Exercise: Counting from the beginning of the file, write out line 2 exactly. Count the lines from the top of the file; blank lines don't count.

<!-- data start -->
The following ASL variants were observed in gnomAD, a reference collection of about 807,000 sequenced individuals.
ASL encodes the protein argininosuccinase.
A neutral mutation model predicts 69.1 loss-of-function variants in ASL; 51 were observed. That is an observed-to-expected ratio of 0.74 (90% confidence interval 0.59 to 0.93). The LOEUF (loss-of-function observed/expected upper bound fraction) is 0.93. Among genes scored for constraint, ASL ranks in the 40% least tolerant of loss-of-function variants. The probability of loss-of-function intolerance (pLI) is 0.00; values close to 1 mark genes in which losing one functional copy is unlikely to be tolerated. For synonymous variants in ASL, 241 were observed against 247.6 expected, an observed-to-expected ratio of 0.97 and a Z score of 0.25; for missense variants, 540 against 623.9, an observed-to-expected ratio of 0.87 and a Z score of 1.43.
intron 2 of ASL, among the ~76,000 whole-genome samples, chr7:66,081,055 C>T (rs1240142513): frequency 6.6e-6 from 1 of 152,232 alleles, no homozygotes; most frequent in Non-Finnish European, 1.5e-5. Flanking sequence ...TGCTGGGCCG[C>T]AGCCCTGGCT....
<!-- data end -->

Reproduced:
ASL encodes the protein argininosuccinase.